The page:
[AfrICANN-discuss] Internet Access Is Not a Human Right

Vika Mpisane vika at zadna.org.za
Thu Jan 5 13:29:48 SAST 2012

Thanks, AR! This is quite a persuasive argument by Vint Cerf, and I'm
convinced he's right. He should consider becoming a human rights lawyer as
well...it's never too late.

I particularly like the distinction between a human right and a civil right.


Vika Mpisane
+27 11 314 0077

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> -----Original Message-----
> From: africann-bounces at afrinic.net [mailto:africann-bounces at afrinic.net]
> Behalf Of Anne-Rachel Inné
> Sent: 05 January 2012 12:39 PM
> To: africann at afrinic.net; African Governments Working group
> Subject: [AfrICANN-discuss] Internet Access Is Not a Human Right
> Internet Access Is Not a Human Right
> Published: January 4, 2012
> FROM the streets of Tunis to Tahrir Square and beyond, protests around the
> world last year were built on the Internet and the many devices that
> with it. Though the demonstrations thrived because thousands of people
> out to participate, they could never have happened as they did without the
> ability that the Internet offers to communicate, organize and publicize
> everywhere, instantaneously.
> It is no surprise, then, that the protests have raised questions about
> whether Internet access is or should be a civil or human right. The issue
> particularly acute in countries whose governments clamped down on Internet
> access in an attempt to quell the protesters. In June, citing the
> in the Middle East and North Africa, a report by the United Nations’
> rapporteur went so far as to declare that the Internet had “become an
> indispensable tool for realizing a range of human rights.” Over the past
> years, courts and parliaments in countries like France and Estonia have
> pronounced Internet access a human right.
> But that argument, however well meaning, misses a larger point:
> technology is an enabler of rights, not a right itself. There is a high
> for something to be considered a human right. Loosely put, it must be
> the things we as humans need in order to lead healthy, meaningful lives,
> freedom from torture or freedom of conscience.
> It is a mistake to place any particular technology in this exalted
> since over time we will end up valuing the wrong things. For example, at
> time if you didn’t have a horse it was hard to make a living. But the
> important right in that case was the right to make a living, not the right
> a horse. Today, if I were granted a right to have a horse, I’m not sure
> I would put it.
> The best way to characterize human rights is to identify the outcomes that
> are trying to ensure. These include critical freedoms like freedom of
> and freedom of access to information — and those are not necessarily bound
> any particular technology at any particular time. Indeed, even the United
> Nations report, which was widely hailed as declaring Internet access a
> right, acknowledged that the Internet was valuable as a means to an end,
> as an end in itself.
> What about the claim that Internet access is or should be a civil right?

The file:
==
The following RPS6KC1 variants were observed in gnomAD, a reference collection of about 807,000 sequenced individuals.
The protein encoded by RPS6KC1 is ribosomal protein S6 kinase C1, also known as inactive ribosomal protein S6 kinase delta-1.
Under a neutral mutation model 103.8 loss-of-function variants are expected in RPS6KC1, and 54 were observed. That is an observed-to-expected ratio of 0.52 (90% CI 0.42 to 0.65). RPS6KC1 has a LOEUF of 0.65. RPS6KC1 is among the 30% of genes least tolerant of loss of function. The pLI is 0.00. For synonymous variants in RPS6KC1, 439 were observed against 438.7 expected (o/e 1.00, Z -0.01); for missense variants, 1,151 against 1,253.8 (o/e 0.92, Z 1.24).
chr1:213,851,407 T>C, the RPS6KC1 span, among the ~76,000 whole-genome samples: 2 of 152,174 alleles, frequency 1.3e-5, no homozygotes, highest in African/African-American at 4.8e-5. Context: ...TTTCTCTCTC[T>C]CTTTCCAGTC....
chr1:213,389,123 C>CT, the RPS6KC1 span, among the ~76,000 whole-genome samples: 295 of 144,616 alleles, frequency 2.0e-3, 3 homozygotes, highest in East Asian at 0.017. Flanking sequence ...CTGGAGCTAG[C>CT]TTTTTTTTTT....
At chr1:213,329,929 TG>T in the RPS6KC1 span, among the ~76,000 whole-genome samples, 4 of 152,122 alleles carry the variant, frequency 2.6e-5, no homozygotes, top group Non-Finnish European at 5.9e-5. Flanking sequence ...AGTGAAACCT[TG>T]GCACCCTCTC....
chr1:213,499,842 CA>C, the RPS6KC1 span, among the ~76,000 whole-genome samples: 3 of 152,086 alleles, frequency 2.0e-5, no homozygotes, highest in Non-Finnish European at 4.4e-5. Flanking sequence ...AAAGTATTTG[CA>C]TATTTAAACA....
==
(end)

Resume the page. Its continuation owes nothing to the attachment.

> same reasoning above can be applied here — Internet access is always just
> tool for obtaining something else more important — though the argument
> it is a civil right is, I concede, a stronger one than that it is a human
> right. Civil rights, after all, are different from human rights because
> are conferred upon us by law, not intrinsic to us as human beings.
> While the United States has never decreed that everyone has a “right”
> to a telephone, we have come close to this with the notion of “universal
> service” — the idea that telephone service (and electricity, and now
> broadband Internet) must be available even in the most remote regions of
> country. When we accept this idea, we are edging into the idea of Internet
> access as a civil right, because ensuring access is a policy made by the
> government.
> Yet all these philosophical arguments overlook a more fundamental
> issue: the responsibility of technology creators themselves to support
> and civil rights. The Internet has introduced an enormously accessible and
> egalitarian platform for creating, sharing and obtaining information on a
> global scale. As a result, we have new ways to allow people to exercise
> human and civil rights.
> In this context, engineers have not only a tremendous obligation to
> users, but also an obligation to ensure the safety of users online. That
> means, for example, protecting users from specific harms like viruses and
> worms that silently invade their computers.
> Technologists should work toward this end.
> It is engineers — and our professional associations and standards-setting
> bodies like the Institute of Electrical and Electronics Engineers — that
> create and maintain these new capabilities. As we seek to advance the
> of the art in technology and its use in society, we must be conscious of
> civil responsibilities in addition to our engineering expertise.
> Improving the Internet is just one means, albeit an important one, by
> to improve the human condition. It must be done with an appreciation for
> civil and human rights that deserve protection — without pretending that
> access itself is such a right.
> Vinton G. Cerf, a fellow at the Institute of Electrical and Electronics
> Engineers, is a vice president and chief Internet evangelist for Google.
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